ETX and LX200 Software TestingPosted: 18 September 2011
Thursday, 8 September, I did a few brief "dome pulls" to pull out some of the remaining "dimples". There was one more that I had to use the ladder to reach but I saved that one for another day once I saw how the new pulls worked out. Sunday, 11 September, checked the dome again. Saturday, 10 September, we had a strong monsoon storm with lots of 1/2" hail. There was no damage from the hail. And the dimples were definitely decreasing. There was one remaining that needed some additional pulling. On Tuesday, 13 September, I checked the POD, and using a ladder to reach it, I did some more pulling on that one dimple to ensure it was completely separated from the insulation. The insulated side is almost back to the same roundness as the uninsulated side. The morning of Saturday, 17 September, I checked the dome and it is definitely looking rounder:
Compare the photo above to the ones on my "Dome Pulling" report.
Saturday, 17 September, remained clear (monsoon storm season is almost over), so after 2 weeks of cloudy nights, I opened the observatory at 1742 MST, 94°F. My main purpose for the night was to test using SkySafari for Mac OS X and AstroPlanner v2 on the MacBook Pro to control my ETX-125AT and 8" LX200-ACF telescopes. Here's the ETX setup in front of the SkyShed POD:
At 1823 MST, about 5 minutes before sunset, I viewed Venus with the 8" at 77X, low in the western sky. Its disk appeared just slightly gibbous. At 1832 MST, about 4 minutes after sunset, I viewed Saturn in the 8" at 77X. The planet and rings were just barely visible. Beginning at 1855 MST, I began my software tests with the ETX-125. At 1935 MST, I observed the supernova in the M101 galaxy with the ETX and 26mm eyepiece. The supernova was still very bright. I ended ETX tests at 2025 MST. I then began some observations with the 8" at 77X. First was the M101 supernova. Next, just for grins, I viewed the Kepler-16b host star (RA 19h 16m1 8.17s, DEC +51° 45' 26.78") that was recently in the news. I then viewed NGC6826 (the "Blinking" Planetary Nebula). I could not detect the "blinking" affect when switching from direct vieweing to averted viewing. I then tried for Sharpless 2-101 (the Tulip Nebula); I may have just barely been able to see it using an O-III filter on the 26mm eyepiece. But it was hard to be certain as the nebula was very faint. I then viewed M13 (Great Globular Cluster in Hercules), Neptune, and Uranus.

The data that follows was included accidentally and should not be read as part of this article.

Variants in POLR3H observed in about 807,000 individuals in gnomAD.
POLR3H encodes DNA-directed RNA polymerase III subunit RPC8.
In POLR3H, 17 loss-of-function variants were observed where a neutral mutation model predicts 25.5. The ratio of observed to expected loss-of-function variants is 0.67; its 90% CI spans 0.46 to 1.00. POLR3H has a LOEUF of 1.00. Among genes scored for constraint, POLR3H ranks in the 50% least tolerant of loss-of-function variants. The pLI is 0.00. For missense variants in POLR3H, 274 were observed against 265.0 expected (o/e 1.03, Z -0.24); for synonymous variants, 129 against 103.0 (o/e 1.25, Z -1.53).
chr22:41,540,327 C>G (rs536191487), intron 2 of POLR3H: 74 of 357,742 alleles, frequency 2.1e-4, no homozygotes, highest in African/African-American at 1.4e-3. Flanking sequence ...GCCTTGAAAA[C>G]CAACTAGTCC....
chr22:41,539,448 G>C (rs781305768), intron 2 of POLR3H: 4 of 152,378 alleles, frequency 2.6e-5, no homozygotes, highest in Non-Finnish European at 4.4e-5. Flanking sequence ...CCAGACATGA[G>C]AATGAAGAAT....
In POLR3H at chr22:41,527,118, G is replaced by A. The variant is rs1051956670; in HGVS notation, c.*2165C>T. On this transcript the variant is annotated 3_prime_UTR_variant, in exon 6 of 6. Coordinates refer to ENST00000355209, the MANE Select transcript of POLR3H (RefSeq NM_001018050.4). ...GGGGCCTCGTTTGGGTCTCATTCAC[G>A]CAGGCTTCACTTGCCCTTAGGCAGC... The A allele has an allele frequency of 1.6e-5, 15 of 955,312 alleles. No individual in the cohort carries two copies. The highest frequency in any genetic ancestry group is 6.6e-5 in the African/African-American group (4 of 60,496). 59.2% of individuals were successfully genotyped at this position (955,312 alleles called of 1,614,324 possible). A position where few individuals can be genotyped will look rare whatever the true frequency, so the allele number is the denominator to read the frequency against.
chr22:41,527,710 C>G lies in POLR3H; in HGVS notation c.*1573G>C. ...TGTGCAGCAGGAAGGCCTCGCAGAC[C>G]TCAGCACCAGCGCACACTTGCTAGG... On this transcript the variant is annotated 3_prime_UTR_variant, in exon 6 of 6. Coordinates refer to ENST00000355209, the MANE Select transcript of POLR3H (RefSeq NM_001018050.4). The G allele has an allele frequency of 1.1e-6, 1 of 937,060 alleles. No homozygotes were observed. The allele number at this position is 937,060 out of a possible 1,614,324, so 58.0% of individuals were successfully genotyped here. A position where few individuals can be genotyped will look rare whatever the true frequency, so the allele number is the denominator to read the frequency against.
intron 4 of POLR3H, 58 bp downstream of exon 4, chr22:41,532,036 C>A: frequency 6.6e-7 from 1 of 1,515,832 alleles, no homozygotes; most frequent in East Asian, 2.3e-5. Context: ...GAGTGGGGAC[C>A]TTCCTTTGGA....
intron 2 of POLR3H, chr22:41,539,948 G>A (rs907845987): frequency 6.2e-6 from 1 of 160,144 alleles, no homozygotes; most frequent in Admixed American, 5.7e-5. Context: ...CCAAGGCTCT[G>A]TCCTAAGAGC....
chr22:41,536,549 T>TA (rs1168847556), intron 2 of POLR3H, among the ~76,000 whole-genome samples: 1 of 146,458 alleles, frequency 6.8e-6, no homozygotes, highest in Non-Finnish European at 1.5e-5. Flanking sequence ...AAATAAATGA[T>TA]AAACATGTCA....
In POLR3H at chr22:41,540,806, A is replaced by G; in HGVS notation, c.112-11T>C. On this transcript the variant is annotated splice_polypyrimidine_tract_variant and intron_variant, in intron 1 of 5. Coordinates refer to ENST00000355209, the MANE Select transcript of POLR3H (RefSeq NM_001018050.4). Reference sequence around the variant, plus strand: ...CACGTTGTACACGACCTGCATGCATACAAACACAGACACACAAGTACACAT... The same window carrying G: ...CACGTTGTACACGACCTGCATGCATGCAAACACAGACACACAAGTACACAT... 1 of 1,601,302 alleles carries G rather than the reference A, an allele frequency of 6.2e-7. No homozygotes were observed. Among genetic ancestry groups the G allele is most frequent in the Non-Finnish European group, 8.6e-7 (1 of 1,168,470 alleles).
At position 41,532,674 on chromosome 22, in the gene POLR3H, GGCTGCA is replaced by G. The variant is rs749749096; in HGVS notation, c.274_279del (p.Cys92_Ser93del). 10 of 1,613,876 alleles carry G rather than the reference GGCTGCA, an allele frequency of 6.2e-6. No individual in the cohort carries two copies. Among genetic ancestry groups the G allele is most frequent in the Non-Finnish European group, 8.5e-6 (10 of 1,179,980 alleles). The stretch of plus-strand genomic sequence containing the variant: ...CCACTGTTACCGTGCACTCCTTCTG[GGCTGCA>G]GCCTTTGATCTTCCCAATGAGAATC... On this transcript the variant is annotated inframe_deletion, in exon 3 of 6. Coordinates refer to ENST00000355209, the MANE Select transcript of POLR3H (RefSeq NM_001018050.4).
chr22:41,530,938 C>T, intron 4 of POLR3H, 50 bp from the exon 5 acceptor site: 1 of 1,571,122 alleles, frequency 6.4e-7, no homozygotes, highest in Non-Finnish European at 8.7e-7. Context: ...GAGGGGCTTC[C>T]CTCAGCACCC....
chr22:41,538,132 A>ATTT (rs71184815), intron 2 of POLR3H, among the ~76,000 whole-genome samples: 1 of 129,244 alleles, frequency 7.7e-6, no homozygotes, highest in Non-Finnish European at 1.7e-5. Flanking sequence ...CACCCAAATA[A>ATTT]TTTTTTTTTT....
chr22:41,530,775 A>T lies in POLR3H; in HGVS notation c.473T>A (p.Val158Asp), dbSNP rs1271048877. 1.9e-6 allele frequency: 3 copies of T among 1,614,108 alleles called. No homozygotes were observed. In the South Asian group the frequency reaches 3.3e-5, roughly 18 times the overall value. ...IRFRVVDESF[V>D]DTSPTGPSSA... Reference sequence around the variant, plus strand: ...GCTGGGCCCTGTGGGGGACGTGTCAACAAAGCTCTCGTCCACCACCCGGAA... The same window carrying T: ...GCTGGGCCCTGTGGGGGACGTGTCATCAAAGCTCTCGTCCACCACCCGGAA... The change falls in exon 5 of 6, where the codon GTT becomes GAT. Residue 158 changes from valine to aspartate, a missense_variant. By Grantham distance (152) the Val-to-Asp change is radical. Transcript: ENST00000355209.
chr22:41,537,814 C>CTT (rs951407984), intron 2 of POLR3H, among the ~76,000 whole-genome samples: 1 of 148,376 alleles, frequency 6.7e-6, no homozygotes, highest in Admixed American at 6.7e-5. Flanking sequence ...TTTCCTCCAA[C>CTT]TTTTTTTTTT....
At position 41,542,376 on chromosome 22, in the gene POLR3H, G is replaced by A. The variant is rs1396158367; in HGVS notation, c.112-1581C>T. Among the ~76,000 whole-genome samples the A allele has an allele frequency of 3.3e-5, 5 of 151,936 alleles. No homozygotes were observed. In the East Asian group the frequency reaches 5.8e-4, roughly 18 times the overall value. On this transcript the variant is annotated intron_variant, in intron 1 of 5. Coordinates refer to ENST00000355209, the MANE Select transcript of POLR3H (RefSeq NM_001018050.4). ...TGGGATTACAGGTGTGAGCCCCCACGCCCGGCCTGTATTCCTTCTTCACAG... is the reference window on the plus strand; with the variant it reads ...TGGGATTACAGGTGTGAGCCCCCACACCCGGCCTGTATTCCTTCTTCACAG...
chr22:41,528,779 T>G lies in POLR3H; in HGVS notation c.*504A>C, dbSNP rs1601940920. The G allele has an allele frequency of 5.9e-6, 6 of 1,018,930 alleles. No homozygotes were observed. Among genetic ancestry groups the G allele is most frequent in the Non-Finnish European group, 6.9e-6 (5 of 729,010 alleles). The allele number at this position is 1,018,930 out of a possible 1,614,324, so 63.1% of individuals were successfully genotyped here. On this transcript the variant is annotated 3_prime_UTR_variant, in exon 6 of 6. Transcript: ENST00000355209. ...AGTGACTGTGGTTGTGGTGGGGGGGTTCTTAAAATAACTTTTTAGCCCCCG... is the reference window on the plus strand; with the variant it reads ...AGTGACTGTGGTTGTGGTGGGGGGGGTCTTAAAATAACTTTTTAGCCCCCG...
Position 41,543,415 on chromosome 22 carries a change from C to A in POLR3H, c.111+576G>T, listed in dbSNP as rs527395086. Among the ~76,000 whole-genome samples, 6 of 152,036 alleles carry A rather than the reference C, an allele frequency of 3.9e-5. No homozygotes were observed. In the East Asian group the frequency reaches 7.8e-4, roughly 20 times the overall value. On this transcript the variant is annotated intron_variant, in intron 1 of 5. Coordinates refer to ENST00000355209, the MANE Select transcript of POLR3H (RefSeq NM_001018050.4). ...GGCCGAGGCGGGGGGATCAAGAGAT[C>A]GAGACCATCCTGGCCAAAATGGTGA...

Beginning at 2120 MST, I did the software testing with the MacBook Pro connected to the 8" LX200-ACF. Ended the testing at 2200 MST and moved the ETX and computer back inside the house.
At 2242 MST, I did some observing of Jupiter at 77X, 133X, 206X, and 364X. The four Galilean Moons were visible. Seeing was not very good, but at times the views were pretty good, showing details in the cloud bands. I then slewed to the waning gibbous moon, low in the eastern sky, and did some terminator viewing at 206X and 364X. Occasionally, I would get some nice views. The south polar region was especially nice during the very brief moments of steady seeing. At 2258 MST, I set up for iPhone 4 afocal imaging with the MX-1 adapter and 26mm eyepiece. Here is a photo:
After a long day and doing some yardwork, I was getting tired and decided to call it a night. But it was great being back in the observatory, with the Milky Way glowing overhead. The observatory was closed at 2315 MST, 67°F.
I have posted an updated review of Southern Stars "SkySafari Pro for Mac OS X" discussing the telescope control. Check it out. I will be posting my review of AstroPlanner soon. I have also posted a review of the book "Astronomical Spectroscopy for Amateurs".
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